A French animal rights group has defended its decision to remove a puppy from a homeless man and put it up for adoption, saying the act had prevented animal cruelty.
A petition calling for the return of a puppy to its owner, a homeless man, has attracted tens of thousands of signatures.
The group Cause Animale Nord said it was acting to prevent “cruelty to animals” when it decided to separate the puppy from its owner.
The group said it had been prompted to intervene because it had the appearance of being drugged.
A video of the puppy’s removal has since been viewed more than 1.5 million times after it was posted to Facebook and YouTube five days ago.
The video shows a man from Cause Animale Nord wrestling with the homeless man as a woman attempts to take the puppy away.
The three grapple for possession of the puppy yelping in distress.
A third person swoops in and grabs the animal before running off.
Stunned bystanders look on, immobilised.
Nghi Le Duc posted the video on his Facebook page, writing that the incident was violent and shocking.
“I was in shock when I saw this scene in Paris,” he wrote.
“Three French who represent of the association ‘Cause Animale Nord’ and who also represent The Law… took violently, mercilessly, a small dog - a little friend of a homeless person from him, even though this homeless person cried and begged them!”
A Facebook post by Cause Animale Nord advertising the puppy for adoption has now been removed.
An online petition calling for a puppy to be returned to its homeless owner has attracted 46, 827 signatures.
The petition, posted by a user calling themselves en colère CITOYENS SOLIDAIRES France, said removing the animal was unjustified.
“Nowhere does it stipulate that it has the right to remove an animal without warning. That’s what they did by violently attacking a homeless person to remove his puppy around the Chatelet area of Paris,” the petition read.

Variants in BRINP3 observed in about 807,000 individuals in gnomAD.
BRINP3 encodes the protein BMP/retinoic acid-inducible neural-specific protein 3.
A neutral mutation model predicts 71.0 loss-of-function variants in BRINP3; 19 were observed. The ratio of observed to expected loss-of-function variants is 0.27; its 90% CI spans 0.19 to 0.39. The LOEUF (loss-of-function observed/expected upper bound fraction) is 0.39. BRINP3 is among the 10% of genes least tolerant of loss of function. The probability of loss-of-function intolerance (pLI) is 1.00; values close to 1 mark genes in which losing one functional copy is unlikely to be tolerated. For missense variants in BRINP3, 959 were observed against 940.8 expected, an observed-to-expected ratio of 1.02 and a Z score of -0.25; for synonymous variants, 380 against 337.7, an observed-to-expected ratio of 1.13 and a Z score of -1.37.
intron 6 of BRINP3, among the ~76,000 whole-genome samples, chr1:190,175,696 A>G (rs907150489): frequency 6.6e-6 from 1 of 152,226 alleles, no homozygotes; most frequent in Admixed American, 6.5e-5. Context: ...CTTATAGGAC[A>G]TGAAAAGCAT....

“To justify this act of extreme violence, they allege that the homeless person is a Roma and that the animal was drugged, it hadn’t been vaccinated or had ID and was malnourished.”
Louise Chen said she signed the petition because she was sickened by watching the homeless man weep as the dog was torn from his arms.
“It is intolerable,” she wrote.
Others questioned the necessity of removing the puppy and then putting it up for adoption, questioning whether the puppy had been drugged at all.
"The video shows two so-called vigilantes, who steal the dog of a homeless person," Flamme Fiammeggi wrote under his signature on the petition.
"They are lying outrageously, saying that the dog was drugged and belonged to a Roma [a persecuted minority in France], while the video shows that the poor man is molested and that they steal a perfectly healthy dog.
"Drugged dogs are passive and do not react, but this dog was normal and well-maintained. They [activists] wanted to play like cowboys."
Responding to the backlash over the video, Cause Animale Nord rejected accusations it had stolen the puppy.
The president of the group, Antony Blanchard, said if state authorities had done their job than the group would not have been forced to do it instead.
“We know how important the presence of an animal is for people on the street. It is the only link they have with society. But we take this action to help. We can not condone the exploitation and abuse of animals for commercial ends,” he said in a statement posted on the group’s Facebook page.
Mr Blanchard said the group had decided to act after receiving a report from a member of the public that the dog appeared to be drugged. He said his own observations of the dog seemed to reinforce this.
He condemned the posting of the video of the puppy’s removal, saying it had not included the discussion the activists had had with the homeless man, asking him to show his registration papers for the puppy.